Migration Studies Group presents a talk by Ariana Mangual Figueroa, Ph.D., Rutgers Graduate School of Education-
Plyler v. Doe, the 1982 Supreme Court case granting undocumented students the right to a public education, has been upheld through an educational “don’t ask, don’t tell” policy that has protected this population by mandating its invisibility. However, thirty years after the passage of Plyler, undocumented students and the U.S.-born children of undocumented parents have taken center stage in national debates over immigration reform and educational equity. hese children and youth form part of a growing demographic of mixed-status families—families in which some members are undocumented, some are U.S.-born citizens, and others are in the process of obtaining legal U.S. residence. This talk will examine how citizenship arise in the everyday lives of mixed-status Mexican families by tracking conversations around report cards, immigration papers, and a document regarding children’s custody in the event of their parents’ deportation. The goal is to provide ethnographic evidence of language socialization experiences across home, school, and public settings that can help offer a more nuanced understanding of this growing population—a population that’s increasingly central in public discourse but marginal in educational research.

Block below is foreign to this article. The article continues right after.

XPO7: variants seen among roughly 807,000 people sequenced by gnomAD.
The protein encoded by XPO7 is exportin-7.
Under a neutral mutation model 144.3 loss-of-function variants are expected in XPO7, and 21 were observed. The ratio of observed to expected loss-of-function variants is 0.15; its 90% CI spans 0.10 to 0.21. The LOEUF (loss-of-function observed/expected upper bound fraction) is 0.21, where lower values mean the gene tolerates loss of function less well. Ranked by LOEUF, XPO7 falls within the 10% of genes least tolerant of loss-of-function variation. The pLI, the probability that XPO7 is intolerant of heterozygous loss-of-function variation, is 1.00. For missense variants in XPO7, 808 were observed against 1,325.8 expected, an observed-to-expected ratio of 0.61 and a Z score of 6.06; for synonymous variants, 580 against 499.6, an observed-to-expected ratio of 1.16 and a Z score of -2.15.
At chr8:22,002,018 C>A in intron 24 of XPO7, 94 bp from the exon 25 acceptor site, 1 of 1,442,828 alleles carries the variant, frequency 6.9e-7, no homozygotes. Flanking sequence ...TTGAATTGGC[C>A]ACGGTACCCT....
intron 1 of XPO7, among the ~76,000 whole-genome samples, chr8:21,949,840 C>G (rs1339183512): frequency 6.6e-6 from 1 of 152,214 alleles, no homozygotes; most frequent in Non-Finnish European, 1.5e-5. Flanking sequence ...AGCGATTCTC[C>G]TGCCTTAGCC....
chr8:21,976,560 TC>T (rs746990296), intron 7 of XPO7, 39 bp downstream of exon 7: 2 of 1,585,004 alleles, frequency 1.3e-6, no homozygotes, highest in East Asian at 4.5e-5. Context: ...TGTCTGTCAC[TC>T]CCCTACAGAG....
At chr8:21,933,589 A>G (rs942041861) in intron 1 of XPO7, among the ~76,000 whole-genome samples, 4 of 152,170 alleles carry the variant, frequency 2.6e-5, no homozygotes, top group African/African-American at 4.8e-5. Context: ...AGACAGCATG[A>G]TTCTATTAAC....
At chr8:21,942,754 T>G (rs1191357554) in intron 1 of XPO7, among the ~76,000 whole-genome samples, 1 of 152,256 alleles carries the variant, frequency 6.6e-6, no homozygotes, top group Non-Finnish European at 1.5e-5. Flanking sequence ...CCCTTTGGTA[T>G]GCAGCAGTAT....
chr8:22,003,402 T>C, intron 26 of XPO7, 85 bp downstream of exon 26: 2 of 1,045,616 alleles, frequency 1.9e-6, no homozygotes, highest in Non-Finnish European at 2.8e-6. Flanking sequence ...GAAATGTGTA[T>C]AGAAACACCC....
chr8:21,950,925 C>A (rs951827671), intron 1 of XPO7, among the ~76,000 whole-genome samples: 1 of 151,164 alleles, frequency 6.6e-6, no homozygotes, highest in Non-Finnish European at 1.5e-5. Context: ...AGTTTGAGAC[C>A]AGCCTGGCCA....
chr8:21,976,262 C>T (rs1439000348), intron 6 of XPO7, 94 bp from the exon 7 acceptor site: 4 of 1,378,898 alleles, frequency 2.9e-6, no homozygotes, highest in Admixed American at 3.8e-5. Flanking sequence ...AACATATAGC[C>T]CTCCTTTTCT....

Sponsor(s): Program on International Migration
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